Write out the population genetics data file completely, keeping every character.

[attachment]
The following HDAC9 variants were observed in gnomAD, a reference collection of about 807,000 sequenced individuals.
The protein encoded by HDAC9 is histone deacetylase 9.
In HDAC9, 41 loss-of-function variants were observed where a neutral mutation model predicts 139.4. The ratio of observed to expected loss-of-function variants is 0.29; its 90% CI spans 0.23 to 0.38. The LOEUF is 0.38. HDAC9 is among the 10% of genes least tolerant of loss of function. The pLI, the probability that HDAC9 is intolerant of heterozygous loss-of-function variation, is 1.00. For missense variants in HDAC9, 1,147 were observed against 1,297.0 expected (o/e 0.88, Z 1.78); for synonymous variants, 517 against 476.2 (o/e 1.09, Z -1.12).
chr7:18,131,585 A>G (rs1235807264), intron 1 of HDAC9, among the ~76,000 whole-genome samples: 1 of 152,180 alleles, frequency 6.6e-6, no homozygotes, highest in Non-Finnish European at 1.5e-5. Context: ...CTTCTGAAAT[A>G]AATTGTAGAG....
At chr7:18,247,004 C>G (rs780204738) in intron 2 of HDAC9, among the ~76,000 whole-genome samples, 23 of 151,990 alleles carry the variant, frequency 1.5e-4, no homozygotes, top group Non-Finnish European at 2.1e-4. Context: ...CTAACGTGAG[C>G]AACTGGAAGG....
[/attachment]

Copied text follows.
The following HDAC9 variants were observed in gnomAD, a reference collection of about 807,000 sequenced individuals.
The protein encoded by HDAC9 is histone deacetylase 9.
In HDAC9, 41 loss-of-function variants were observed where a neutral mutation model predicts 139.4. The ratio of observed to expected loss-of-function variants is 0.29; its 90% CI spans 0.23 to 0.38. The LOEUF is 0.38. HDAC9 is among the 10% of genes least tolerant of loss of function. The pLI, the probability that HDAC9 is intolerant of heterozygous loss-of-function variation, is 1.00. For missense variants in HDAC9, 1,147 were observed against 1,297.0 expected (o/e 0.88, Z 1.78); for synonymous variants, 517 against 476.2 (o/e 1.09, Z -1.12).
chr7:18,131,585 A>G (rs1235807264), intron 1 of HDAC9, among the ~76,000 whole-genome samples: 1 of 152,180 alleles, frequency 6.6e-6, no homozygotes, highest in Non-Finnish European at 1.5e-5. Context: ...CTTCTGAAAT[A>G]AATTGTAGAG....
At chr7:18,247,004 C>G (rs780204738) in intron 2 of HDAC9, among the ~76,000 whole-genome samples, 23 of 151,990 alleles carry the variant, frequency 1.5e-4, no homozygotes, top group Non-Finnish European at 2.1e-4. Context: ...CTAACGTGAG[C>G]AACTGGAAGG....